I have stared into the abyss of unspeakable madness, and in it I saw myself. I was taller, had darker hair, and was wearing a Miskatonic University sweatshirt, but other than that, the likeness was both striking and disheartening. His name was Paul, and he was the protagonist in Stuart Gordon’s adaptation of HP Lovecraft’s The Shadow Over Innsmouth. I didn’t like him at first, and then at some point during the movie, I realized that I probably didn’t like him because he was the protagonist I and many of you would be — confused, irritating, panicky, awkward — rather than the protagonist we like to assume we’ll be — manly, brave, competent, and possessed of 20/20 vision. Of all the unnameable horrors that are HP Lovecraft’s stock in trade, none is perhaps more terrifying than staring into the eyes of a spastic dweeb with ill-fitting spectacles and realizing with horror that, yep, that’s me.
When the idea was pitched for a “counter culture” theme for a B-Masters Round Table, I was both excited and apprehensive. On the one hand, it was a subject with which I had acute first-hand experience, which meant I wouldn’t have to rely simply on theory and supposition to extract some sort of a review from the material. I could ramble on endlessly about some obscure thing that happened to me back when I was sixteen and the world was new. I was, however, also apprehensive, as I am sometimes loathe to throw myself into public discourse regarding the counter-cultures with which I have some connection. Not because I’m ashamed, mind you. Hell, I’m still associated in some way with pretty much every loony thing I ever believed in or adopted as an identity. But I’ve read a lot of the “studies” about these things.
Whenever I’m confronted with a film that lies immeasurably far beyond the boundaries of anything that could be considered competent, coherent, or even sane filmmaking, I find some superficial comfort in attributing said work to the hands and mind of a deranged lunatic possessed of an inner monologue so warped that agreed upon notions of human logic and morality seem to melt entirely away. This is, perhaps, a defense mechanism, as I encounter such films — as you might guess — pretty frequently. I suppose there is some solace in thinking that these films sprung from the fertile yet twisted mind of a madman, that surely there is no way a sane and normal human could have produced such alarmingly, hilariously awful material. To be hyperbolic about it, I suppose it is much the same as when we reflect upon the infamous dictators of our past as monsters rather than men, soothing our horror somewhat by casting them as some otherworldly ghouls rather than what they were and still continue to be: mere men, who remind us that the capacity of man to commit acts of near unimaginable cruelty is vast. They are not monsters. They are us, and but for a chance of fate — being born in another time, another place, or having a minutely different chemical balance in the brain — any of us could have been them.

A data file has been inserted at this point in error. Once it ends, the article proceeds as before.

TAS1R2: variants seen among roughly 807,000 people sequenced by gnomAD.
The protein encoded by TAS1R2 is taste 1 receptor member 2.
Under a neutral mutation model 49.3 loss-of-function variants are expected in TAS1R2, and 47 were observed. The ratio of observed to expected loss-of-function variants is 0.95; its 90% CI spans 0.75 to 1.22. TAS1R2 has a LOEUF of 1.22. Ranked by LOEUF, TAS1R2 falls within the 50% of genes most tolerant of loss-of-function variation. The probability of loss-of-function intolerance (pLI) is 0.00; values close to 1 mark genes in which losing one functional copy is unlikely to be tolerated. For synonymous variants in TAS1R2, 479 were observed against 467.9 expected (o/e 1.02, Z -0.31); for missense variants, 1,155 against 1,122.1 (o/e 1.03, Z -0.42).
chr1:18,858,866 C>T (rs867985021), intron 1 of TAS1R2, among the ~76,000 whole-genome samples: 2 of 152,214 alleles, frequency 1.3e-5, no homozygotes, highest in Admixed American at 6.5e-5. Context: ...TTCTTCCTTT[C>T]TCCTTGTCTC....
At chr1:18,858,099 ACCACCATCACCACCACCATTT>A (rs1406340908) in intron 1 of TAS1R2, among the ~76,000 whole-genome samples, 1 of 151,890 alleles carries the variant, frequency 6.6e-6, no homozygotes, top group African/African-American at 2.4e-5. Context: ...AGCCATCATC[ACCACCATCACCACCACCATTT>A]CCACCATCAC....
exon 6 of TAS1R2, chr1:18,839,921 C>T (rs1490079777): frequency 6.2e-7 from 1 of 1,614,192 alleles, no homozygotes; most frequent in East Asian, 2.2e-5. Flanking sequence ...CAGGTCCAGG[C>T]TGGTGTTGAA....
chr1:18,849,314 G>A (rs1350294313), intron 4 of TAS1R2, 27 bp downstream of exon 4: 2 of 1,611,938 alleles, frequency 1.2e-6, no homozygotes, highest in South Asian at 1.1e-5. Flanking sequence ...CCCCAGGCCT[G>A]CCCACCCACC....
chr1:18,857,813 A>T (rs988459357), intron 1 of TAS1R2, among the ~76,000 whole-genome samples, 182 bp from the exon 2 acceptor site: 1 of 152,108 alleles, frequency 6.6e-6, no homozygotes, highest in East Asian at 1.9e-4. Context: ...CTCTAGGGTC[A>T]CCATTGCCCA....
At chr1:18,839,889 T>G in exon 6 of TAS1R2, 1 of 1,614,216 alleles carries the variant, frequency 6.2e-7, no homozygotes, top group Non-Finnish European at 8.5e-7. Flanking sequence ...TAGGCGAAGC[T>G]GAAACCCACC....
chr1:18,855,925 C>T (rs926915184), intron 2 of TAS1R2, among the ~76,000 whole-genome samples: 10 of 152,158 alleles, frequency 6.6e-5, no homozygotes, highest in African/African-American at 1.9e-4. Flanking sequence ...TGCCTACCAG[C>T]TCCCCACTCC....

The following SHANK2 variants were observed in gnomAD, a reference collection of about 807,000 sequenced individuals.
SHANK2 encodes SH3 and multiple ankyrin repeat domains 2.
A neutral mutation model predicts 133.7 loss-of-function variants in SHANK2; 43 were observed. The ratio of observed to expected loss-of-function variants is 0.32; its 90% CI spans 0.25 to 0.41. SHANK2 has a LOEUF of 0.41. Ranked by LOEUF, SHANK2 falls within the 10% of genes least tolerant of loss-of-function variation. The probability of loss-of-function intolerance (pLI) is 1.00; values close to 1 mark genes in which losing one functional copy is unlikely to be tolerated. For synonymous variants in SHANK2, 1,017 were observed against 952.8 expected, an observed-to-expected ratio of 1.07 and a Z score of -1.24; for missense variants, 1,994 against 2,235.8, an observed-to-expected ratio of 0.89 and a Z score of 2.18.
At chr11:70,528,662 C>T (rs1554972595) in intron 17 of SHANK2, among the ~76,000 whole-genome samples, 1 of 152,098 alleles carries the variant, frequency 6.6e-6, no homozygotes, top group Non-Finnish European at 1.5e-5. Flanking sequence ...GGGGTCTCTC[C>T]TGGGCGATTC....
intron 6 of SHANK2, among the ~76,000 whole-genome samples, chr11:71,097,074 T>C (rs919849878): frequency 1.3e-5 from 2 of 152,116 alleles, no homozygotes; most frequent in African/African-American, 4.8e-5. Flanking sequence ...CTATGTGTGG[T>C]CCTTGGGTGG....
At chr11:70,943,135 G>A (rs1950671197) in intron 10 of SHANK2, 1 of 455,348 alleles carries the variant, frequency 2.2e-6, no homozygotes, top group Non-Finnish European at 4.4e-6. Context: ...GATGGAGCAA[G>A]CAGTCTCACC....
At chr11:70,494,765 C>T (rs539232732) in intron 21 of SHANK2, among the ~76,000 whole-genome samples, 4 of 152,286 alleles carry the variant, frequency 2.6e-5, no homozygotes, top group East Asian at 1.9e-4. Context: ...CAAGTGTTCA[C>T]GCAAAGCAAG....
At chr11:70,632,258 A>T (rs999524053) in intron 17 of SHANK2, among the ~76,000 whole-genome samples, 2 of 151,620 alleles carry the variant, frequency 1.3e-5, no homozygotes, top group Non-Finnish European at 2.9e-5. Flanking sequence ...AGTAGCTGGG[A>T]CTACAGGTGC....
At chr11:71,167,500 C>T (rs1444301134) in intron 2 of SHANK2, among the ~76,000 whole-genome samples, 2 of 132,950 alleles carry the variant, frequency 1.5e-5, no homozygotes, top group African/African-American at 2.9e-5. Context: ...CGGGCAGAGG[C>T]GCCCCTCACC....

So let’s say, just for the sake of argument, you’re a vampire. Not one of those post-Anne Rice vampires with the leather trenchcoat and the bad poetry and the ill-advised appreciation of Pigface. No, I’m talking about one of those older, more distinguished vampires. Not too bad, huh? I mean, yeah, there are drawbacks. I, for one, would miss the sun and a good day’s surfing. On the other hand, if you were to become any monster, a vampire would be pretty sweet. A mummy or Frankenstein monster would be the worst, of course. Mummies only have one outfit, and they have to spend the entire afterlife shambling around in pursuit of some dame who looks like some other dame the mummy loved back in ancient Egypt, and then a dude in a tweed jacket sets you on fire. And Frankenstein monsters have to do pretty much the same thing in terms of shambling, though at the very least they get to smoke cigars and drink wine. As for werewolves — sure, cool power, but you have no control over it, it only happens once a month, you can’t remember anything afterward, and your clothes are constantly getting ruined by your transformations.
All the films that fall into that general category of “cool when I was in elementary school” have this common peculiarity. I, as well as most of the people with whom I saw them, remember one or two particular scenes from each movie, and not much more up until we start watching again, at which time the floodgates of memories both shameful and grand are thrown open. With Sword and the Sorcerer, for example, everyone remembered the slimy wizard making the witch’s chest explode, and everyone remembered the steamy bathhouse scene, but not much else. In the case of Beastmaster, another classic from a bygone era, we each remembered some green guys who wrapped their leathery wings around people and dissolved them, and we remembered Tanya Roberts bathing nude under a waterfall. In Revenge of the Ninja it was a tremendous spray of blood as Sho Kosugi kills the villain at the end, and two naked people getting killed in the middle of having sex in a hot tub.
There may be a pattern here. I’m not sure.